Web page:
Ivett Ayodele is an undergraduate student at the University of Salford studying BSc (Hons) Psychology and Counselling. She tweets as @ivettayo and @salfordpcy1 and blogs here.
I have accepted the challenge to review Qualitative Online Interviews by Dr Janet Salmons (2015) because I believe that as part of the next generation of psychologists, it is a great opportunity to familiarise myself with the emerging methods of online interviews, which will surely become popular in the future. It is also a great chance to extend my knowledge of qualitative methods generally, while writing this post helps to develop my academic writing skills. My task is to give a student perspective on the book since a lecturer’s perspective has already been explored (see here).
Qualitative Online Interviews by Dr Janet Salmons (2015) guides researchers and students through the process of extending their research into various online settings and it gives guidance on ethical issues that can arise during online interviews. As the author puts it, “the purpose of Qualitative Online Interviews is to encourage researchers to extend the reach of their studies by using methods that defy geographic boundaries” (Salmons, 2015, p. xviii). The book is structured around the E-Interview Framework, a conceptual system which helps to understand interrelationships between the key elements of Online Interviews and aids the process of decision making throughout the research design.
As a first year undergraduate student, I have had the opportunity to learn extensively about quantitative research methods; however Qualitative Online Interviews by Dr Janet Salmons (2015) gave me the opportunity to extend my growing knowledge of qualitative methods. This learning journey ‘forced’ me to develop a complex picture of research methods and now I have a better understanding of both quantitative and qualitative methods; while the benefits of mixed methods became crystal clear to me.
Qualitative Online Interviews (Salmons, 2015) gives a deep insight into specific ethical issues surrounding online interviews. The author took the typical ethical issues of research, such as informed consent or confidentiality, and placed them at the heart of online interviews. For example Dr Janet Salmons draws attention to the possible flaws in data protection in an online setting by pointing out that some companies who own the platform, where the data is stored, might not have adequate protection against unauthorized access.
The cover and the design of the book reminded me of my old school books; however I found that the simple design helped me to focus more on the text, rather than on the pictures and tables. I found this useful, especially as I was learning new concepts. For example, taking a position as an insider (EMIC) or outsider (ETIC) researcher was a new concept which helped me to appreciate the possible design flaws of a qualitative study, as well as the richness of it, compared to a quantitative study.
The detailed content page and the organization of the book helps the reader to find exactly what they are looking for; yet I found that this book works for me best if I read it first from cover to cover.
I found the Researcher’s Notebook section and Discussions and Assignments at end of each chapter very helpful. The Researcher’s Notebook section encouraged me to think about each concept as a practical issue and therefore made it easier to understand and relate concepts to research methods. For example in Chapter 3 -Choosing Online Data Collection Method and Taking a Position as a Researcher- Salmons (2015) explains the main ideas of the chapter through her previous studies, which made these concepts to come “alive”.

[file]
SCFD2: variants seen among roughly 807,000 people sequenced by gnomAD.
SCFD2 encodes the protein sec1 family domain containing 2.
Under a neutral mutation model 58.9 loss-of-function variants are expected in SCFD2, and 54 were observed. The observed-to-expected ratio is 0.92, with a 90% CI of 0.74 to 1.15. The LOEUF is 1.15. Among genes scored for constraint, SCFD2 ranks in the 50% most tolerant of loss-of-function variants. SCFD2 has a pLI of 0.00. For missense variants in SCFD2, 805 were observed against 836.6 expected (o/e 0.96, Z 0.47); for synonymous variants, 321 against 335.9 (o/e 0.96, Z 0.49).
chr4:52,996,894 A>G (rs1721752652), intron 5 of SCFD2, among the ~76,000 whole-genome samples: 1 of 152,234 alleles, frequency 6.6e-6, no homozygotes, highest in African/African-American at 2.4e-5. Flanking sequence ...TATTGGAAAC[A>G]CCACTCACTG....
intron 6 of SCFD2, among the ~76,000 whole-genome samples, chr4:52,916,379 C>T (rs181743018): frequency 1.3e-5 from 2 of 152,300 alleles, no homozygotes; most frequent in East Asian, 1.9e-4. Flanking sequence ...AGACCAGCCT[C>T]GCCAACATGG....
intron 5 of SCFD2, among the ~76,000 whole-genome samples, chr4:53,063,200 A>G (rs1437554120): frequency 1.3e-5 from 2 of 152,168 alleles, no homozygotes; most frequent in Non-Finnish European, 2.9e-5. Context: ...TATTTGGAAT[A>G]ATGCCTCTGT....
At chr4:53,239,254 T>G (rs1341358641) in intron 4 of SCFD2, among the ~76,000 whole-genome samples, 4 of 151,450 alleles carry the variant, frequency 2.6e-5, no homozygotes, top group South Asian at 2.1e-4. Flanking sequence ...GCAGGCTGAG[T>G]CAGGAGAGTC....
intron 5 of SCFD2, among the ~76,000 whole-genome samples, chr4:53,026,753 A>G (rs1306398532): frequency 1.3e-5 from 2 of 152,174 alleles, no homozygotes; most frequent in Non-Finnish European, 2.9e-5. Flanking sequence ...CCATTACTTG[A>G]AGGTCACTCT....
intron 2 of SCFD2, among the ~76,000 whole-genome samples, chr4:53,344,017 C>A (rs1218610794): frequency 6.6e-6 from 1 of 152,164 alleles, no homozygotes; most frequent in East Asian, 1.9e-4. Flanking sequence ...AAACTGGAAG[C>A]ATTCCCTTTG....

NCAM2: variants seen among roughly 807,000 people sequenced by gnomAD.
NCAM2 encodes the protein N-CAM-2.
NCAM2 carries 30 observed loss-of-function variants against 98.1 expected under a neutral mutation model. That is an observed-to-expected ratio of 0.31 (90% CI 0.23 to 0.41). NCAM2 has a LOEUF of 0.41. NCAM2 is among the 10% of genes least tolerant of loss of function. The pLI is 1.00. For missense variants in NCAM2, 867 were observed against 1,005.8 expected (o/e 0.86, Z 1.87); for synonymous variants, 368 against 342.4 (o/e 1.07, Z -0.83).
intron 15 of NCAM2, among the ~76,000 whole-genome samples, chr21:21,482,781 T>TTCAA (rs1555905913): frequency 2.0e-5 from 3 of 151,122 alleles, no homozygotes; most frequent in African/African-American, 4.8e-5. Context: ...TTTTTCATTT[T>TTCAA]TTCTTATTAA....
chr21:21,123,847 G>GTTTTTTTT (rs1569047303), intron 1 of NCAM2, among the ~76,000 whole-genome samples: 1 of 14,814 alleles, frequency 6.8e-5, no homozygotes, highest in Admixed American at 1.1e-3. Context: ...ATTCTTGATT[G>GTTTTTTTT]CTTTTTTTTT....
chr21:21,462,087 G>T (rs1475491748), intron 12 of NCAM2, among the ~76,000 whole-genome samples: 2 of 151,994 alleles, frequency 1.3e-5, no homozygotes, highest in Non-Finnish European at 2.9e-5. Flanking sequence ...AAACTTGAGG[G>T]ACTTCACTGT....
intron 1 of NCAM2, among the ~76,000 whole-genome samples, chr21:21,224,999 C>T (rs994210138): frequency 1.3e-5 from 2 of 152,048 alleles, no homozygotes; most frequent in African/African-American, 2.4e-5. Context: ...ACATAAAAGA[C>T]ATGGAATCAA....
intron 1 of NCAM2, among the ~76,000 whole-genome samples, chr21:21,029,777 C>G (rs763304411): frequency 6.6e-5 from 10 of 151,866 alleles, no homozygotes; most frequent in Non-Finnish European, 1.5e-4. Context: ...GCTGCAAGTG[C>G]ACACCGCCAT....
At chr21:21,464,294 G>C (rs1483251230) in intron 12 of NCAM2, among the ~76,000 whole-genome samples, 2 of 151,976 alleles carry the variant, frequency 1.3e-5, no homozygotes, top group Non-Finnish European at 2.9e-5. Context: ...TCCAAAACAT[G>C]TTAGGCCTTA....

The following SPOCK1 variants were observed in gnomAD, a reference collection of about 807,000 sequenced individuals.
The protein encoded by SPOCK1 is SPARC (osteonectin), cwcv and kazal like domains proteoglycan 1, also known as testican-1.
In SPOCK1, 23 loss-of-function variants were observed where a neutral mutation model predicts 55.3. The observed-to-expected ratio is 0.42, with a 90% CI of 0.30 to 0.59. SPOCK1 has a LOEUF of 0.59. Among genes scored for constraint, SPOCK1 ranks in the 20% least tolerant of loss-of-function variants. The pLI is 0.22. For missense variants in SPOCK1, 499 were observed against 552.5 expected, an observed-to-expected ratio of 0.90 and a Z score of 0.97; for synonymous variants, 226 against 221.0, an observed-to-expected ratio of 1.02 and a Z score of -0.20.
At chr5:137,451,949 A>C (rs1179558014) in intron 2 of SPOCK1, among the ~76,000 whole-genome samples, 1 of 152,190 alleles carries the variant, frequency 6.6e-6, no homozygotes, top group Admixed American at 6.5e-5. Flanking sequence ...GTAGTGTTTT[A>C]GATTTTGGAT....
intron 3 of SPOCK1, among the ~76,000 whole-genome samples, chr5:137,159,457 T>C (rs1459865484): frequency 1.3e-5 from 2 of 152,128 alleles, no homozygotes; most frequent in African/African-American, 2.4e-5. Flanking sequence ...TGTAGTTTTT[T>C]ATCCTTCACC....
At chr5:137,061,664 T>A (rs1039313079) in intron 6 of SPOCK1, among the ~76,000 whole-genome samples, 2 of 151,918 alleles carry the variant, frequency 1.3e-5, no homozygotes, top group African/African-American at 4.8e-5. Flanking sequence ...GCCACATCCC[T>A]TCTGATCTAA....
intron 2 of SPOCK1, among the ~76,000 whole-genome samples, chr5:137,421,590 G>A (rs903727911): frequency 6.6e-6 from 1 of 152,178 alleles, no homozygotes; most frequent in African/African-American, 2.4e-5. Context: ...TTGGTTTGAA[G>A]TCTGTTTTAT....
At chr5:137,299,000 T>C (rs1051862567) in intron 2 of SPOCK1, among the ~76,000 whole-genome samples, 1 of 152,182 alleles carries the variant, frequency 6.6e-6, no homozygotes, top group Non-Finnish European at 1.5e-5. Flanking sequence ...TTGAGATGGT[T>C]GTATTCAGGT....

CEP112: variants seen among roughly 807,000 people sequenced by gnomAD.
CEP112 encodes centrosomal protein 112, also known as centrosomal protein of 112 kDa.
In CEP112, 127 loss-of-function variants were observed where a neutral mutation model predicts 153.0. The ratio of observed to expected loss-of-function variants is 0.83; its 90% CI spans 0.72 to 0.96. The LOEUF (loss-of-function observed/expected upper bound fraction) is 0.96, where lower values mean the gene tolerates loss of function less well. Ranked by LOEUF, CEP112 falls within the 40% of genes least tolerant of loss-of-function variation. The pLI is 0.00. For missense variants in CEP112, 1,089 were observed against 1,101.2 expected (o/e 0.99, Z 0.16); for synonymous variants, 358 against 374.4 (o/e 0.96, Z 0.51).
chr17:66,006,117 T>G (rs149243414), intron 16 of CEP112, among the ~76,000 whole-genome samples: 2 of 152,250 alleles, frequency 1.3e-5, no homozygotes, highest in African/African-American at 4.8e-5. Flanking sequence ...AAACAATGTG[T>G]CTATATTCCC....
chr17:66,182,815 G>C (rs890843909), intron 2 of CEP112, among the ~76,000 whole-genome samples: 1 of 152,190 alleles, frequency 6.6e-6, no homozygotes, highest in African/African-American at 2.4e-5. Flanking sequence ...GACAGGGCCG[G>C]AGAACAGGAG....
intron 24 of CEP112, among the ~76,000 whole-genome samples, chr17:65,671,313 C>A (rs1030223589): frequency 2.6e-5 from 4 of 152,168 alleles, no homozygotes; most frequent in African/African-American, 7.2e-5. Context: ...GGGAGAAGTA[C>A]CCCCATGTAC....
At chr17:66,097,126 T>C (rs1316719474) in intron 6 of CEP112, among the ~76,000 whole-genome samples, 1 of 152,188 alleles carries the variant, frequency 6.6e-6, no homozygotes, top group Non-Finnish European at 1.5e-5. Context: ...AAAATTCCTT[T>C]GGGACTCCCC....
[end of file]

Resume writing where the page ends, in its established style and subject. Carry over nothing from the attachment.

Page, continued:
The Discussion and Assignment section facilitate further learning by raising some questions in regards to each concept. For example in Chapter 9 (Preparing for an Online Interview), Salmons (2015) talks about the importance of Epoche –“ to approach each interview with clear and fresh perspective”- subsequently the Discussion and Assignments part encourages students/researchers to talk/think through the Epoche concept and raises the question, what could be done to clear our mind before an online interview?
The accompanying website is not as user friendly as I would like, however once I found my way around it, I felt that it is a great way to extend the learning experience for students. The website contains of a general resources and a student resources part.
The general resources section offers materials such as course outline with suggested assignments, learning activities, worksheets and media pieces. They are great for academics for planning a course or seminar on qualitative online interviews and they are also useful for students who want to build on their knowledge outside the classroom. The student resource part is broken down into the chapters of the book. In each chapter students can find the definitions of new terms on e-Flashcards, which is a great learning tool. Students can choose whether they would like to see the term or the definition of the term and learn new terminology while they are having fun!
Qualitative Online Interviews by Dr Janet Salmons has not only extended my knowledge about qualitative methods and online interviews but it also deepened my knowledge about ethical issues during online and off-line research. I would recommend this book to any undergraduate student and if someone chooses to conduct online research for their dissertation, I believe that this book is a must have!